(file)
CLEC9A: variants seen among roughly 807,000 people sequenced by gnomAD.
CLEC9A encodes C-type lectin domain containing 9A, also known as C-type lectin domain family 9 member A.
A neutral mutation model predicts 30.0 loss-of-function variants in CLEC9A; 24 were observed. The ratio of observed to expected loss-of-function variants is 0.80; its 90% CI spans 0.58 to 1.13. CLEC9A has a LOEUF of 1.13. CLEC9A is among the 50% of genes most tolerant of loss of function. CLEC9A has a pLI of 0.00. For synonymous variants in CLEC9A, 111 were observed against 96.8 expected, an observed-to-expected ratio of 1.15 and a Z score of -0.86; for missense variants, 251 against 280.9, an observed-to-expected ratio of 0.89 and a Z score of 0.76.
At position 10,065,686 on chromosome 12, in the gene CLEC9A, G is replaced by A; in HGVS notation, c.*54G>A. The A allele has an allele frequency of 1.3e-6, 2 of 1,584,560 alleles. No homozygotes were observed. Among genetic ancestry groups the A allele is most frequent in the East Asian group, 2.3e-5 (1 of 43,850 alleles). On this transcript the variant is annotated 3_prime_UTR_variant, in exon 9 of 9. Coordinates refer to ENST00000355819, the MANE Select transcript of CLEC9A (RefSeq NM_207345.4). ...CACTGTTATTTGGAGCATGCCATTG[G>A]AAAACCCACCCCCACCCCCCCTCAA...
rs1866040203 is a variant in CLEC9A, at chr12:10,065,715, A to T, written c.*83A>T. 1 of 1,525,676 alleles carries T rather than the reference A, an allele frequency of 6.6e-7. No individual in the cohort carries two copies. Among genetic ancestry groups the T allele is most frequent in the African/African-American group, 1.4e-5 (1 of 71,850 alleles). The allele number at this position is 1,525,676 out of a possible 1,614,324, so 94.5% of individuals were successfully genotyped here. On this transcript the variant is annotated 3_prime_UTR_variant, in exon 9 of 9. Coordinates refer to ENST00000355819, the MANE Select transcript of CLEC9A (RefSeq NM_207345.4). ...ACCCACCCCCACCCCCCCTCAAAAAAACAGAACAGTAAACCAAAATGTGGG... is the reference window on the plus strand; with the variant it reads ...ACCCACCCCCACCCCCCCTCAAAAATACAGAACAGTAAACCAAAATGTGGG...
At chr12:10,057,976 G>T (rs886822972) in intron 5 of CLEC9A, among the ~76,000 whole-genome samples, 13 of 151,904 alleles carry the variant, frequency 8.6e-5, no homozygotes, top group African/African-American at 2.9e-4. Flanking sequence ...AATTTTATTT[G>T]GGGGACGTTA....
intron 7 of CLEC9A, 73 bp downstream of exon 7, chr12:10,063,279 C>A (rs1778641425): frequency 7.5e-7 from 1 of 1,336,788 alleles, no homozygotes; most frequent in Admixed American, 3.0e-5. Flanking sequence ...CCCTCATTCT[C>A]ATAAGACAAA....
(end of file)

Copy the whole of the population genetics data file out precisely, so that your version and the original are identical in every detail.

CLEC9A: variants seen among roughly 807,000 people sequenced by gnomAD.
CLEC9A encodes C-type lectin domain containing 9A, also known as C-type lectin domain family 9 member A.
A neutral mutation model predicts 30.0 loss-of-function variants in CLEC9A; 24 were observed. The ratio of observed to expected loss-of-function variants is 0.80; its 90% CI spans 0.58 to 1.13. CLEC9A has a LOEUF of 1.13. CLEC9A is among the 50% of genes most tolerant of loss of function. CLEC9A has a pLI of 0.00. For synonymous variants in CLEC9A, 111 were observed against 96.8 expected, an observed-to-expected ratio of 1.15 and a Z score of -0.86; for missense variants, 251 against 280.9, an observed-to-expected ratio of 0.89 and a Z score of 0.76.
At position 10,065,686 on chromosome 12, in the gene CLEC9A, G is replaced by A; in HGVS notation, c.*54G>A. The A allele has an allele frequency of 1.3e-6, 2 of 1,584,560 alleles. No homozygotes were observed. Among genetic ancestry groups the A allele is most frequent in the East Asian group, 2.3e-5 (1 of 43,850 alleles). On this transcript the variant is annotated 3_prime_UTR_variant, in exon 9 of 9. Coordinates refer to ENST00000355819, the MANE Select transcript of CLEC9A (RefSeq NM_207345.4). ...CACTGTTATTTGGAGCATGCCATTG[G>A]AAAACCCACCCCCACCCCCCCTCAA...
rs1866040203 is a variant in CLEC9A, at chr12:10,065,715, A to T, written c.*83A>T. 1 of 1,525,676 alleles carries T rather than the reference A, an allele frequency of 6.6e-7. No individual in the cohort carries two copies. Among genetic ancestry groups the T allele is most frequent in the African/African-American group, 1.4e-5 (1 of 71,850 alleles). The allele number at this position is 1,525,676 out of a possible 1,614,324, so 94.5% of individuals were successfully genotyped here. On this transcript the variant is annotated 3_prime_UTR_variant, in exon 9 of 9. Coordinates refer to ENST00000355819, the MANE Select transcript of CLEC9A (RefSeq NM_207345.4). ...ACCCACCCCCACCCCCCCTCAAAAAAACAGAACAGTAAACCAAAATGTGGG... is the reference window on the plus strand; with the variant it reads ...ACCCACCCCCACCCCCCCTCAAAAATACAGAACAGTAAACCAAAATGTGGG...
At chr12:10,057,976 G>T (rs886822972) in intron 5 of CLEC9A, among the ~76,000 whole-genome samples, 13 of 151,904 alleles carry the variant, frequency 8.6e-5, no homozygotes, top group African/African-American at 2.9e-4. Flanking sequence ...AATTTTATTT[G>T]GGGGACGTTA....
intron 7 of CLEC9A, 73 bp downstream of exon 7, chr12:10,063,279 C>A (rs1778641425): frequency 7.5e-7 from 1 of 1,336,788 alleles, no homozygotes; most frequent in Admixed American, 3.0e-5. Flanking sequence ...CCCTCATTCT[C>A]ATAAGACAAA....